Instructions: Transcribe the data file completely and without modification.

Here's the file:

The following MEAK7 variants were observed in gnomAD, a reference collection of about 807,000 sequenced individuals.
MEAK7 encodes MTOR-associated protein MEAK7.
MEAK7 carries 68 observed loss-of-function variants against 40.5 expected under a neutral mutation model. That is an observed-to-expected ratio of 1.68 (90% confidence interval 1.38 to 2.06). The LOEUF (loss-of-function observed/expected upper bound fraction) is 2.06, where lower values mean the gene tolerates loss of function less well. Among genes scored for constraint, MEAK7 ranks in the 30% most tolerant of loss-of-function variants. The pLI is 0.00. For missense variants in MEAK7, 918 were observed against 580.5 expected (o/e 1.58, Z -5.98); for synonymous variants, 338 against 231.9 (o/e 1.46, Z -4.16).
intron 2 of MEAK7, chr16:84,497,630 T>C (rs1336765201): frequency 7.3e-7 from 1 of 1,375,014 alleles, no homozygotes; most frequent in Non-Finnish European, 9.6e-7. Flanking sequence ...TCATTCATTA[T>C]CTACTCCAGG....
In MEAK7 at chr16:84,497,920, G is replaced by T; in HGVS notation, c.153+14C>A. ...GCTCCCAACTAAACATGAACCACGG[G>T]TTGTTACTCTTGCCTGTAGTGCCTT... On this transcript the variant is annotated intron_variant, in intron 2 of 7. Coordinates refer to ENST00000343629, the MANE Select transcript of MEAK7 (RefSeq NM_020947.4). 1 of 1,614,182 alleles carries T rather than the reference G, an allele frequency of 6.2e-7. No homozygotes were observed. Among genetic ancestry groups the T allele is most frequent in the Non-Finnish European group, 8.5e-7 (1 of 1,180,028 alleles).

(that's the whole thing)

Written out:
The following MEAK7 variants were observed in gnomAD, a reference collection of about 807,000 sequenced individuals.
MEAK7 encodes MTOR-associated protein MEAK7.
MEAK7 carries 68 observed loss-of-function variants against 40.5 expected under a neutral mutation model. That is an observed-to-expected ratio of 1.68 (90% confidence interval 1.38 to 2.06). The LOEUF (loss-of-function observed/expected upper bound fraction) is 2.06, where lower values mean the gene tolerates loss of function less well. Among genes scored for constraint, MEAK7 ranks in the 30% most tolerant of loss-of-function variants. The pLI is 0.00. For missense variants in MEAK7, 918 were observed against 580.5 expected (o/e 1.58, Z -5.98); for synonymous variants, 338 against 231.9 (o/e 1.46, Z -4.16).
intron 2 of MEAK7, chr16:84,497,630 T>C (rs1336765201): frequency 7.3e-7 from 1 of 1,375,014 alleles, no homozygotes; most frequent in Non-Finnish European, 9.6e-7. Flanking sequence ...TCATTCATTA[T>C]CTACTCCAGG....
In MEAK7 at chr16:84,497,920, G is replaced by T; in HGVS notation, c.153+14C>A. ...GCTCCCAACTAAACATGAACCACGG[G>T]TTGTTACTCTTGCCTGTAGTGCCTT... On this transcript the variant is annotated intron_variant, in intron 2 of 7. Coordinates refer to ENST00000343629, the MANE Select transcript of MEAK7 (RefSeq NM_020947.4). 1 of 1,614,182 alleles carries T rather than the reference G, an allele frequency of 6.2e-7. No homozygotes were observed. Among genetic ancestry groups the T allele is most frequent in the Non-Finnish European group, 8.5e-7 (1 of 1,180,028 alleles).